Liverpool followers saw for themselves on Saturday that they have a new star in the making, and how they loved the experience for, in these days when the above ordinary players are so rare, a club is happy indeed to find themselves as fortune's favoured.
It was not only Roger Hunt's goal, cracked home with the punch of a champion from over twenty yards range, that created the happiest of impressions, but how he used the ball and how he fought for possession and so often won, that stamped his as a youngster extraordinary.
When one considers that he has scarcely rubbed the mud of the junior playing fields off his boots, his entry into first team football compels admiration. Three times he has scored in four games, but more important still he is so obviously profiting and learning from each match. Compare his display against Plymouth for example, with his so recent debut against Scunthorpe and the difference is too remarkable to require emphasising.
Few players outside Liddell have earned the roar of approval which greeted Hunt's goal and the excitement continued until the game was restarted. When he left the field at the end to warm and generous applause, it was the crowd's way of saying: "You'll do lad. Keep it up."
Not so cheering
Four goals for Liverpool make a cheering sight. The obvious reaction from the score line is that all's well with the forwards at last. Yet, such an impression could scarcely be further from the truth. Forward problems are very much with Liverpool.
Bimpson could point to the laying on of a beautiful pass from which A'Court collected Liverpool's second goal and bad luck when a shot struck Barnsley and bounded over the bar, but with all the goodwill in the world, this was not one of Louis' best days. The fact that Jenkins was no better for Plymouth is scant consolation to Liverpool, but an even greater point of discussion was provoked by the showing by Melia.
Let there be no mistake about it. In the language of the Kop Melia had a 'stinker'. Scarcely anything went right for him and indeed, it might have been surprising had it been otherwise. I warn the Anfield crowd here and now that they are running the most serious and apparently calculated risk of ruining one of the brightest possessions on the Liverpool playing staff.
When things are not running well, the crowd's sympathy and understanding are the best possible help to a player, and unless the crowd become more sympathetic they will have only themselves to blame if Melia's best displays are reserved for away grounds.
Morrissey is not seizing the opportunity presented by Morris' absence as enthusiastically as I had expected.
A'Court has never tried harder and the results are beginning to flow. It is all very well to say his goal was a gift. Maybe it was, but the fact that he scored it is a decisive step in the right direction. It is because Liverpool have been missing goals of the gift variety that so may points have been lost.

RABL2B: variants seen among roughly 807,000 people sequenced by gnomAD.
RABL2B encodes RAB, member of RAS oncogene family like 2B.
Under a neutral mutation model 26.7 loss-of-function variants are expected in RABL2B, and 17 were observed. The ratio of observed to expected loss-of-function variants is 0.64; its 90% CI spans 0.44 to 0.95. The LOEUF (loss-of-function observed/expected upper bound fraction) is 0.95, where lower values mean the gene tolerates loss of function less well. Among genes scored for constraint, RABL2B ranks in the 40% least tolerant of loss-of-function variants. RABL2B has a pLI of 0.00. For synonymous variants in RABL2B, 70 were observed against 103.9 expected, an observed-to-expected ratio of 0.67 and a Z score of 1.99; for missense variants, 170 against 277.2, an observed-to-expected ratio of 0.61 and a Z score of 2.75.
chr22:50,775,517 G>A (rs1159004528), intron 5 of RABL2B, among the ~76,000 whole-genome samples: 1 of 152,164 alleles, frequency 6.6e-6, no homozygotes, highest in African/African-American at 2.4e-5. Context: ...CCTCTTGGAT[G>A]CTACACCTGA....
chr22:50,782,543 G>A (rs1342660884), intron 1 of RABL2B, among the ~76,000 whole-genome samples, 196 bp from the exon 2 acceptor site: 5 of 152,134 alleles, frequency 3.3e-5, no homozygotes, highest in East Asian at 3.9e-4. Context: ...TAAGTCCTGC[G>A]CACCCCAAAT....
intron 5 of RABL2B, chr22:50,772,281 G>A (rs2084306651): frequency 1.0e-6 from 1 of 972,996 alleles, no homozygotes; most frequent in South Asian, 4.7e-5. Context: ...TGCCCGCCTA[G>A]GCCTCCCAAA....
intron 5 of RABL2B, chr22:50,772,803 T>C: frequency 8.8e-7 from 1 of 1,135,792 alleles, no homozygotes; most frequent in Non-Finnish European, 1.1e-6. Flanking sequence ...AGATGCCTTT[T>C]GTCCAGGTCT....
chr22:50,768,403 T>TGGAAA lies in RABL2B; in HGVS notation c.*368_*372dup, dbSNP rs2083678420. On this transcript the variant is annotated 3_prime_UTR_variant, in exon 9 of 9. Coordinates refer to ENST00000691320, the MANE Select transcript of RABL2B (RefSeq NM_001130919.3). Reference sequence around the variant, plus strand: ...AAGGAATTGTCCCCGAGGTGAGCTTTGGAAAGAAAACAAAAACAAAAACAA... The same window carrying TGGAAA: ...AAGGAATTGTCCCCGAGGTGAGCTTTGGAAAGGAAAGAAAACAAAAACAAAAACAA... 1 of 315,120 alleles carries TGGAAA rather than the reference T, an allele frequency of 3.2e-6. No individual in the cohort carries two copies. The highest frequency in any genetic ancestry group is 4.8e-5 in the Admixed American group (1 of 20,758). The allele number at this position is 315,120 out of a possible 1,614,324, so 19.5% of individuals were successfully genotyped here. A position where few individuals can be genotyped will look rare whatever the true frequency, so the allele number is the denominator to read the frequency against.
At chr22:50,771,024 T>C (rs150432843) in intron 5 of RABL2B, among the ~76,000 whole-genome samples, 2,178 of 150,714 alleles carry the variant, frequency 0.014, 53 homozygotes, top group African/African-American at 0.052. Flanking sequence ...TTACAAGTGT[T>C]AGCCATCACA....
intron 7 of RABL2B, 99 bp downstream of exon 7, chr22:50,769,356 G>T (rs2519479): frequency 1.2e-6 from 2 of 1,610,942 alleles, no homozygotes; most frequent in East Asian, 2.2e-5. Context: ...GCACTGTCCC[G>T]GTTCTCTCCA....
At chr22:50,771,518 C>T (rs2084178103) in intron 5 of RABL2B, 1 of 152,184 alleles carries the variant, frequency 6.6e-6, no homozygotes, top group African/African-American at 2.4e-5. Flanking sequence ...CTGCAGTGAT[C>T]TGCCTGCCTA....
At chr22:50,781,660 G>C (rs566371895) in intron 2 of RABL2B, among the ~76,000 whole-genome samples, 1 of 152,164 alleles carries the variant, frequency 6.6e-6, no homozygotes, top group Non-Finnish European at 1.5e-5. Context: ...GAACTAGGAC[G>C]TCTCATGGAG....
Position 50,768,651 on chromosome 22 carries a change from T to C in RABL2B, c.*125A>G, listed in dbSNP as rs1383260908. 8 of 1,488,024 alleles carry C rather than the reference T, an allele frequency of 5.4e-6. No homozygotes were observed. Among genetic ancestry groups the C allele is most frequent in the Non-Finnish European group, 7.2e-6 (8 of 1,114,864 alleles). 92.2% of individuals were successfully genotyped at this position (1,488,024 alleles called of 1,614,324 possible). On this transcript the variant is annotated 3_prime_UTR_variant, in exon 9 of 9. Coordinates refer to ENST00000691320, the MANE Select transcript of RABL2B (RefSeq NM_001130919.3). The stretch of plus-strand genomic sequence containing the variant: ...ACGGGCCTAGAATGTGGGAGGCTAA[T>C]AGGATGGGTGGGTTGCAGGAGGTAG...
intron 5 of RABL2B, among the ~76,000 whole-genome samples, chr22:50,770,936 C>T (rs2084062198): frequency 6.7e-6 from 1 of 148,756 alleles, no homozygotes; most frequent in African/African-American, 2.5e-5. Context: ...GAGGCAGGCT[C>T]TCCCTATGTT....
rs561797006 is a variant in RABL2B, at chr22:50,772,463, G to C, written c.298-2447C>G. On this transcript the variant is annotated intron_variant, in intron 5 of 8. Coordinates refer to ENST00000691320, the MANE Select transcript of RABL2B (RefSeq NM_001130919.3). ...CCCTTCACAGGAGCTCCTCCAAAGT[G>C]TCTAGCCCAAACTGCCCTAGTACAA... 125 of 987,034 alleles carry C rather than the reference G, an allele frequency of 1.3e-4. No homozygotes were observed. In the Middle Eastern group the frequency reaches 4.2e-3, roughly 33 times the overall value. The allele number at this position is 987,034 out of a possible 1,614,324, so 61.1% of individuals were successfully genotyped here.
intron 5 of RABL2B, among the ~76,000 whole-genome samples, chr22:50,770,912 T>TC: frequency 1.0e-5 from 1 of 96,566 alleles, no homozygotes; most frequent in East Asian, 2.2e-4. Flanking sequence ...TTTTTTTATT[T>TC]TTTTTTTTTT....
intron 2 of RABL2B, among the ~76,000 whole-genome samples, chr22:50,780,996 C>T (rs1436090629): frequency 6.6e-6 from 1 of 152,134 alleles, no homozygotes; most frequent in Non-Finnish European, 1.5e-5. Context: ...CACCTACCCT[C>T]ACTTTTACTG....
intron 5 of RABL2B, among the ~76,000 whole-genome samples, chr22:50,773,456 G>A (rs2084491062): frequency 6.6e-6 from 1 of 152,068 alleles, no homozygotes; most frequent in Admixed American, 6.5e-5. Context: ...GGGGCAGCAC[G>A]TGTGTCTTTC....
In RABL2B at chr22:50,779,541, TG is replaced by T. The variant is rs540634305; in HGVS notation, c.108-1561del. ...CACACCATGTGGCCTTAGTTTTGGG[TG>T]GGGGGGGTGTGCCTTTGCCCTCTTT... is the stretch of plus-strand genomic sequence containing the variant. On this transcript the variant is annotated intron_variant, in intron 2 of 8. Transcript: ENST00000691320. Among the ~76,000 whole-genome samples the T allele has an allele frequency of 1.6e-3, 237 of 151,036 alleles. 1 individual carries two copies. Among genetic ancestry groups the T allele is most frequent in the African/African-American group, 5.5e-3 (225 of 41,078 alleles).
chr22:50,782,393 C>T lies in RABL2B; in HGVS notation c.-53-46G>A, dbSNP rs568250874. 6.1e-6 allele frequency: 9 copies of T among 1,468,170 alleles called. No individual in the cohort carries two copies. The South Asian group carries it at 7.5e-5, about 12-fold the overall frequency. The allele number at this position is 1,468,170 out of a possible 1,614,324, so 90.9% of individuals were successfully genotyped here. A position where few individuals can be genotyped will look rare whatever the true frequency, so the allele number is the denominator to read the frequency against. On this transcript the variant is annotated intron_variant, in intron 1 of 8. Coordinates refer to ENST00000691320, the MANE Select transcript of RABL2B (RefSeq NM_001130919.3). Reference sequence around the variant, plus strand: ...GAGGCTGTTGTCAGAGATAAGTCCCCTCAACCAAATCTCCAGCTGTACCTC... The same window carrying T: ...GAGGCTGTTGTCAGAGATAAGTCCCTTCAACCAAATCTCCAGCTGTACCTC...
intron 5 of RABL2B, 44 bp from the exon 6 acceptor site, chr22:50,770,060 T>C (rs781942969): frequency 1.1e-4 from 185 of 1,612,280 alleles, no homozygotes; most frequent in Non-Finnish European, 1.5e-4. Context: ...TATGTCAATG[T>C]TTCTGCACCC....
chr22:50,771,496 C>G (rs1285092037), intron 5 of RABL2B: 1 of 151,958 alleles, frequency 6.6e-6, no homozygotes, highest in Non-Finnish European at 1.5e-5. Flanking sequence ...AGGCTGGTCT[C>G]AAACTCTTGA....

Without completely dominating, the half-back line was sound to the point of being able to terminate much of Plymouth's clever approach play without penalty, although White was the luckiest on the ground not to concede a goal when he tried to head back to Rudham and merely presented Jenkins with an offering which should not have been neglected.
Molyneux and Moran found wingers in Govan and Anderson, who caused them no end of concern from time to time but, with help in time of need, they weathered the storm.
What a difference there was in Rudham. Gone was the hesitant fumbling of the previous week and there was a 22 carat ring about everything he did, especially that double save at point blank range from Govan. This was more like the real Rudham, a sheet anchor in defence.
There was not enough bite about Waldock's display to raise misgivings that he might have strengthened the Liverpool line, but I developed a proud admiration for the way in which J.S.Williams performed his half back duties.
He laid on the pass which gave Jenkins a direct invitation to score Plymouth's only goal.
Liverpool's first goal came in 12 minutes when a Morrissey-Hunt link-up left Melia with the comfortable task of hitting the ball home and after the Jenkins equaliser, A'Court restored the lead two minutes before the interval from Bimpson's offering.
Hunt's score came in 56 minutes with a superb shot that gave the goalkeeper plenty of sight of the ball but little chance of keeping it out of the net.
Moran's goal was scored from a direct free-kick when Barnsley was caught out of the area with the ball, and the shot roared home so completely unmolested that it was obvious the protesting Argyle players were of the opinion that the award had been an indirect free kick.
Copyright - The Liverpool Daily Post